On this day in 1919…
Dozens of railway, foundry, and factory workers from the Winnipeg Trades and Labour Council (TLC) gather in a meeting room on the second floor of the Labour Temple on James Street.
The TLC’s president, James Winning, a 38-year-old bricklayer and city alderman, silences the people in the crowd. They all eagerly await the results of the vote to a general sympathetic strike in support of the Building Trades Council and Metal Trades Council workers.
Finally, Winning reads out the final ballot – 11,000 in favour of a general strike, 500 against.
The TLC consults with fifteen union representatives which make up the Central Strike Committee, the body responsible for governing the strike. The committee is comprised of several working class labour leaders including Ernest Robinson, Harry Veitch and Reverend William Ivens.
Also among the committeemen is Robert B. Russell, a prominent member of the Socialist Party of Canada.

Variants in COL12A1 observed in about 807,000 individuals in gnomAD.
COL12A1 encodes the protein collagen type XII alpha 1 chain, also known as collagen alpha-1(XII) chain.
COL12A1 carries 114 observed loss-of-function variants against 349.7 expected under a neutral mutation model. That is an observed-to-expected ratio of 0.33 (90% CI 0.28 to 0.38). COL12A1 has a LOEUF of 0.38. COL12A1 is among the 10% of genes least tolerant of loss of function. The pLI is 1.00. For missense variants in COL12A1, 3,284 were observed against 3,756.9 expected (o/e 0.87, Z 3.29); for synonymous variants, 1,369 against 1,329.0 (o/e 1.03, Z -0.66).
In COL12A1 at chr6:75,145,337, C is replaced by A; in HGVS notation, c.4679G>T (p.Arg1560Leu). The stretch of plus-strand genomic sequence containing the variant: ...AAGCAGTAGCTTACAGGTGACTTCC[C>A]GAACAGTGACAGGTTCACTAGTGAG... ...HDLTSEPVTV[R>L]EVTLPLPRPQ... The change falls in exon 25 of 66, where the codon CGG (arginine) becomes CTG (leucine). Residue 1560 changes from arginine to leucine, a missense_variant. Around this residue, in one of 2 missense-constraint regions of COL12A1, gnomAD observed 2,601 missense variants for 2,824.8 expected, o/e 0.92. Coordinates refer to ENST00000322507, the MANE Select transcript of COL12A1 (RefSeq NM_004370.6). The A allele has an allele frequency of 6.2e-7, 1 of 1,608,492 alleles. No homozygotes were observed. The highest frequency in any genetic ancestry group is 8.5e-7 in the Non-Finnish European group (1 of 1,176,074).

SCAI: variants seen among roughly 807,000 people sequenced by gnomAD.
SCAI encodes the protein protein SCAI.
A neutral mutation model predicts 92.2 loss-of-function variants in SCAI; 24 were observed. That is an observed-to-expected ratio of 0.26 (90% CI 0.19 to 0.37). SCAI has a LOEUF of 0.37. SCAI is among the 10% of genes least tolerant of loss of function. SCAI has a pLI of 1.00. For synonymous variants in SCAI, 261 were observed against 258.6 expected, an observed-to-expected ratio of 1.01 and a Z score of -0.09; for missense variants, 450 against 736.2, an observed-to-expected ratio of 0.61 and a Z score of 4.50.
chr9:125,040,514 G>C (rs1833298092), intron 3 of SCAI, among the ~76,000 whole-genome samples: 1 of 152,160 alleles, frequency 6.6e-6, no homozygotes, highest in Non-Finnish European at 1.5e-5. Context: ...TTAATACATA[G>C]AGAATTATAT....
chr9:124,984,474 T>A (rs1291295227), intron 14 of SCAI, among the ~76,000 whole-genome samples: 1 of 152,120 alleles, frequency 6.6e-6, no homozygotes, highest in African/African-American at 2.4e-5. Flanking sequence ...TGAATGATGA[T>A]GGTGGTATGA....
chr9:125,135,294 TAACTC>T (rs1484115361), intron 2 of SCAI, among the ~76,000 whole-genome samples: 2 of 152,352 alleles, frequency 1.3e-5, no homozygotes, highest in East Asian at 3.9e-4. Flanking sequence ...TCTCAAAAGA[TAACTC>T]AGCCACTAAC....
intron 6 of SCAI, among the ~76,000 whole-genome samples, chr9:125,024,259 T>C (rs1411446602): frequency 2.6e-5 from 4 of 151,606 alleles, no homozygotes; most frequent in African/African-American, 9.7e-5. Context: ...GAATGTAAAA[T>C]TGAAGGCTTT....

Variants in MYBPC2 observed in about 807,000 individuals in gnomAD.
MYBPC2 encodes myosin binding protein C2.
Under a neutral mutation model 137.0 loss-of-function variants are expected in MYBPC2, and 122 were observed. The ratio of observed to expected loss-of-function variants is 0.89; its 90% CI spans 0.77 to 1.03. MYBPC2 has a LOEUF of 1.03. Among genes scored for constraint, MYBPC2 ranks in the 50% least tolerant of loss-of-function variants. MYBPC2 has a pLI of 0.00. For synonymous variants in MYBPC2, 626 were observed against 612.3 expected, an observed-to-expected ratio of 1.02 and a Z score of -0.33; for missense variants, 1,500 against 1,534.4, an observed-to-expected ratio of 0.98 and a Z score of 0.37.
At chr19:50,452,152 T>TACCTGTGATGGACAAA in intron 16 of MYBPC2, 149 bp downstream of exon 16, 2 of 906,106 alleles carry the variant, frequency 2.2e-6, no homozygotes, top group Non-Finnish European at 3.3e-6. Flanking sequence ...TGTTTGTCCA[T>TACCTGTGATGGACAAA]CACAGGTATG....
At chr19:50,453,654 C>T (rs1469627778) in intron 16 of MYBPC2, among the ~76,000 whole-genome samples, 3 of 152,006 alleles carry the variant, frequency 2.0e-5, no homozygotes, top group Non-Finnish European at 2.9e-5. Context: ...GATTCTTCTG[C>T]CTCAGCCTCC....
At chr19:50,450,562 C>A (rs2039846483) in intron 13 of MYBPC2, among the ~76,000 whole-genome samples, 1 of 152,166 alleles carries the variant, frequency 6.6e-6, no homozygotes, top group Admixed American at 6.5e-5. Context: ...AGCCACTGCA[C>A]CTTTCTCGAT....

Earlier that year, on March 13, Russell attended the Western Labour Conference in Calgary, Alberta. There, he became Manitoba’s leading spokesperson for a revolutionary industrial union known as the One Big Union. The union, still in its formative stage, aimed to represent workers throughout western Canada and to challenge the policies of the Trades and Labour Congress of Canada and the American Federation of Labour.
After deliberating as a group, the TLC and Central Strike Committee decide on the official date for the Winnipeg General Strike. Thousands of labour workers prepare to walk off the job in solidarity on May 15 at 11 a.m.
Already anticipating the threat of a strike, many business owners, manufacturers, lawyers, bankers, and politicians throughout Winnipeg band together in opposition of the workers’ demands. In the days leading up to the strike, they form their own organization known as the Citizens’ Committee of 1000.
While the names of committee members are never publicized, Alfred J. Andrews, a former Winnipeg mayor and well-known lawyer, becomes the group’s main spokesperson.